Rote as my little plot summary may sound, the joys of Mandy Lane are found in the rich details and thoughtful tone. Credit director Levine for finding space for the human drama that nearly every prior slasher film ignored in favor for an extra kill scene. The performances and writing are not award-worthy, but they are full and layered and therefore rather genre-busting. Far from being the sort of teenage stereotypes whose deaths are predictable and rooted for, the ‘bad’ kids are sketched in very believable ways. There is no cartoon evil or sex comedy foolishness driving any of the characters, and even the meanest mean girl and the bro-est sex-obsessed bro dude have a couple moments that paint them as real people, or at least as real as high school kids can be. Future Friday the 13th sequels and the like should take note: death scenes are a lot more effective when the dying kids have character, instead of just being characters.
Amber Heard is a strange sort of modern actress; she seems to have had the major push to make her a Hollywood Big Gun (Pineapple Express, Never Back Down, the requisite totally awesome mostly nuder performance in The Informers, and plenty of magazine coverage) without anyone really caring. Others have compared her trajectory to that of Gretchen ‘Where is she now’ Mol, and considering Heard’s memorable cameo in Zombieland where 99 out of 100 viewers had no idea it was her (she’s the neighbor 406 who nearly eats Columbus on his own couch) it’s tempting to agree, though her full handful of upcoming films speaks at least one more year to make her mark. Her role as Mandy Lane, if any wide audience gets to see it, would surely add quite a bit of shine to her star. Beautiful and opaque, Heard’s Mandy Lane is far too knowing to allow any of idiots frothing for her to get what they want, but seems understandably conflicted about how she feels about her superficially-derived popularity. As the center around which all the drama and horror revolve, she is the perfect heroine, who seems strong enough to be the ‘Final Girl’ in any usual slasher movie but seems doomed with her life and her virtue simultaneously in danger. Michael Welch (Emmet) and Anson Mount (Garth) are standouts as the two guys who don’t quite belong in Mandy’s new world, being a former best friend and older property manager at the ranch, seeing Mandy interact with old acquaintances and new speak to how formidable she is mind as well as body.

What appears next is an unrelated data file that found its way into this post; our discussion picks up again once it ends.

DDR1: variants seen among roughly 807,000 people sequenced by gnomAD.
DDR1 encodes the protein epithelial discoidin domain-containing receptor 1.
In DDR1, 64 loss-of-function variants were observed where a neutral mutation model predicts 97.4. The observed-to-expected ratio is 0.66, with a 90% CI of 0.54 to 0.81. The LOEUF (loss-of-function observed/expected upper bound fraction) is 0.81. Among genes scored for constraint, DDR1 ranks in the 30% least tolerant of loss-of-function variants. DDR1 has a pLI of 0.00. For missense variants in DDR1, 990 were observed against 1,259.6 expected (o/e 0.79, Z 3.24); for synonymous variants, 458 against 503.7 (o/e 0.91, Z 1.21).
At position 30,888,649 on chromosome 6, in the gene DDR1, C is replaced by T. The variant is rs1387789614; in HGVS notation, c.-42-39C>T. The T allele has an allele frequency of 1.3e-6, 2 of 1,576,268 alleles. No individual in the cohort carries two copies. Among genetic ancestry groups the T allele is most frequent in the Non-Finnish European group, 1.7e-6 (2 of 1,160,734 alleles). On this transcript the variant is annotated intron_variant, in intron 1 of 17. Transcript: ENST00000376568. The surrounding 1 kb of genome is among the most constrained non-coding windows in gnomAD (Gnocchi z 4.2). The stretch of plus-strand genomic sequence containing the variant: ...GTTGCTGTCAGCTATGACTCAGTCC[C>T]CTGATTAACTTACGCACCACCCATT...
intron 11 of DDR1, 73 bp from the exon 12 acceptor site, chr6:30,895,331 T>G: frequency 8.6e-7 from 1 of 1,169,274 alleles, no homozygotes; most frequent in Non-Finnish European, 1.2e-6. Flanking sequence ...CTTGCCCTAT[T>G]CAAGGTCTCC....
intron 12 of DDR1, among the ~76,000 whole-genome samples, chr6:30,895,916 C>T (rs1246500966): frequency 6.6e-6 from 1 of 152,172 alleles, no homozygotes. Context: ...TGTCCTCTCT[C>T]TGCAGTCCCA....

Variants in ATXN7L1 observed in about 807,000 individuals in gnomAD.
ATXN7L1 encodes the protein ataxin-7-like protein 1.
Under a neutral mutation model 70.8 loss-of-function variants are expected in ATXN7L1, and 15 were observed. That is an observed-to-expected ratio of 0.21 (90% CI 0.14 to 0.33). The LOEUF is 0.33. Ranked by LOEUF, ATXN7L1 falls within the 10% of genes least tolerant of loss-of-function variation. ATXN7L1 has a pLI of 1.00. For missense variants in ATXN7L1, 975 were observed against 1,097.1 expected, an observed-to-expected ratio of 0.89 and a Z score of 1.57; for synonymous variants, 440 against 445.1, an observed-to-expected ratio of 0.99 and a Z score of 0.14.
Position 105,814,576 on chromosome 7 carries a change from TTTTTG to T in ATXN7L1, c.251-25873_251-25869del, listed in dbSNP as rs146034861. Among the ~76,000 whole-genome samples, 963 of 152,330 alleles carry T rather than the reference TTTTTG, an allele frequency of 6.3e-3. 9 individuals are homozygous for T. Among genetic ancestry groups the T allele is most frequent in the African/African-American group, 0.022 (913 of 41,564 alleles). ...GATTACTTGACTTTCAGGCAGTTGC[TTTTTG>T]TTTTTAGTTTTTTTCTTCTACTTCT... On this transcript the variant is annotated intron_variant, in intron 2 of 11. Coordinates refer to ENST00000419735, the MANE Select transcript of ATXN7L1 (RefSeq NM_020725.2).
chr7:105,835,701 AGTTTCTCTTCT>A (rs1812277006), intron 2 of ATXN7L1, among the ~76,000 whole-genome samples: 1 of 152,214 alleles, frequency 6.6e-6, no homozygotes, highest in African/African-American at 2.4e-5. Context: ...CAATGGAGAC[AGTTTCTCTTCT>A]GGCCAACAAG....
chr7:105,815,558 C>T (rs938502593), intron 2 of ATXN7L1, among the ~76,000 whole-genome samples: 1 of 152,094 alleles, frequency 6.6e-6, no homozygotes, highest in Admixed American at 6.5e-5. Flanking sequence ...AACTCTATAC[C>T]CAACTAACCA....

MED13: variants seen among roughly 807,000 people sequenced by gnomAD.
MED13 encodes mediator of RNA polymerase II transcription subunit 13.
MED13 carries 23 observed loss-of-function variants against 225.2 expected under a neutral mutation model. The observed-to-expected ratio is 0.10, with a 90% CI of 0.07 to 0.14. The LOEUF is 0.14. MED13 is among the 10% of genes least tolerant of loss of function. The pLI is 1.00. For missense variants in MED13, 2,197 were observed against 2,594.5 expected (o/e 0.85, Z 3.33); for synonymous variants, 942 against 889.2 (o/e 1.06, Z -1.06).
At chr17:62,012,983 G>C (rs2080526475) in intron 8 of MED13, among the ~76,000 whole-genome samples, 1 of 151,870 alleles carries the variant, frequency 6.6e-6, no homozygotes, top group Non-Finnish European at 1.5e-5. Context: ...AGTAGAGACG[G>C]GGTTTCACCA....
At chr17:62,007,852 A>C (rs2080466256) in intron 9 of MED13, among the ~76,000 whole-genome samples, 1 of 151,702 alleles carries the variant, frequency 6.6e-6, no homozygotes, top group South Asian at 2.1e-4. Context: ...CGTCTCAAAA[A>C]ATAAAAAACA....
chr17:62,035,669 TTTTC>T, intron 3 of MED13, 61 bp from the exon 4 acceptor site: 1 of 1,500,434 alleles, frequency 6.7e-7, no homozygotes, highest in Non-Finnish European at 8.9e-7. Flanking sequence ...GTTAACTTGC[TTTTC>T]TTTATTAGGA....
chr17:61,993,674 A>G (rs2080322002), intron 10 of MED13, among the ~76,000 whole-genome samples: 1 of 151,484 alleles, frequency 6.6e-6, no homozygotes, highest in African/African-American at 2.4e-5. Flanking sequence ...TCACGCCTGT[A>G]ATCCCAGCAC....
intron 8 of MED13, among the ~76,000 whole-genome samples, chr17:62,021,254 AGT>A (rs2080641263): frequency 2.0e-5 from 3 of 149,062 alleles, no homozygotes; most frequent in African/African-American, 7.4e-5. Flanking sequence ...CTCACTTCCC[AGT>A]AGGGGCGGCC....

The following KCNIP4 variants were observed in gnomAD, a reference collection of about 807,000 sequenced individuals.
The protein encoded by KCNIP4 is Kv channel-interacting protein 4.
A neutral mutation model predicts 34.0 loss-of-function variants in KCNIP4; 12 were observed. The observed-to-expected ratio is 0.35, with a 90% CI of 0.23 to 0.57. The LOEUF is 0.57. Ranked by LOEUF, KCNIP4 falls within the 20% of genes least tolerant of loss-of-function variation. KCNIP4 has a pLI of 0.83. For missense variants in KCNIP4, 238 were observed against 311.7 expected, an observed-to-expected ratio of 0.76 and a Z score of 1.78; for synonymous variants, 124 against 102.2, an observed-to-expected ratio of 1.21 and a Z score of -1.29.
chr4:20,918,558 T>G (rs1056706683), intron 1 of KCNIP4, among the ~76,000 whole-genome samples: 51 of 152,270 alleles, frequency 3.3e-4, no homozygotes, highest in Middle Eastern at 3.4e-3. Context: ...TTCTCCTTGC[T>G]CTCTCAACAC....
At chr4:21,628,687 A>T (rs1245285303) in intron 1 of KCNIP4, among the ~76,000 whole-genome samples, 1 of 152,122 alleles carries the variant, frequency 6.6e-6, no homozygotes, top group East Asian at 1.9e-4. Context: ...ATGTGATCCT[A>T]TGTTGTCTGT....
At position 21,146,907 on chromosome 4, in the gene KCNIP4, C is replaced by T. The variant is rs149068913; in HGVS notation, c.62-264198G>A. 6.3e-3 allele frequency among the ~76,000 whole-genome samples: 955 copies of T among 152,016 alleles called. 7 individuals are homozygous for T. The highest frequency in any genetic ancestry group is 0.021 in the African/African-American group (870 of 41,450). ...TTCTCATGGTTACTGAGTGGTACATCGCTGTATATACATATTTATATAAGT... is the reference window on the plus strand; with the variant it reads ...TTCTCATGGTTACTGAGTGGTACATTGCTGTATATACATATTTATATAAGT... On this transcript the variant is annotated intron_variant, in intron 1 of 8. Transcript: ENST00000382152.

But as I said, Levine gives everything a flourish that forces you to consider the motives behind every action, the emotions beneath ever surface. The cast across the board adeptly sketches a group of kids that would probably end the weekend having learned a couple important life lessons if it weren’t for the killer mucking things up. Refreshingly, the killer’s identity is not a mystery for long, allowing for personal confrontations instead of awkwardly-angled scenes where victims see the face of their killer but the audience remains dumb. There isn’t much in the way of unnecessary moralizing or ultimate messages, either. By making the relationships between the characters the focus, and not the (cooly-stylized) murder scenes, you are allowed to contemplate how things could come to this, and how the cold mercenary politics of high school truly seem the stuff of life and death sometimes.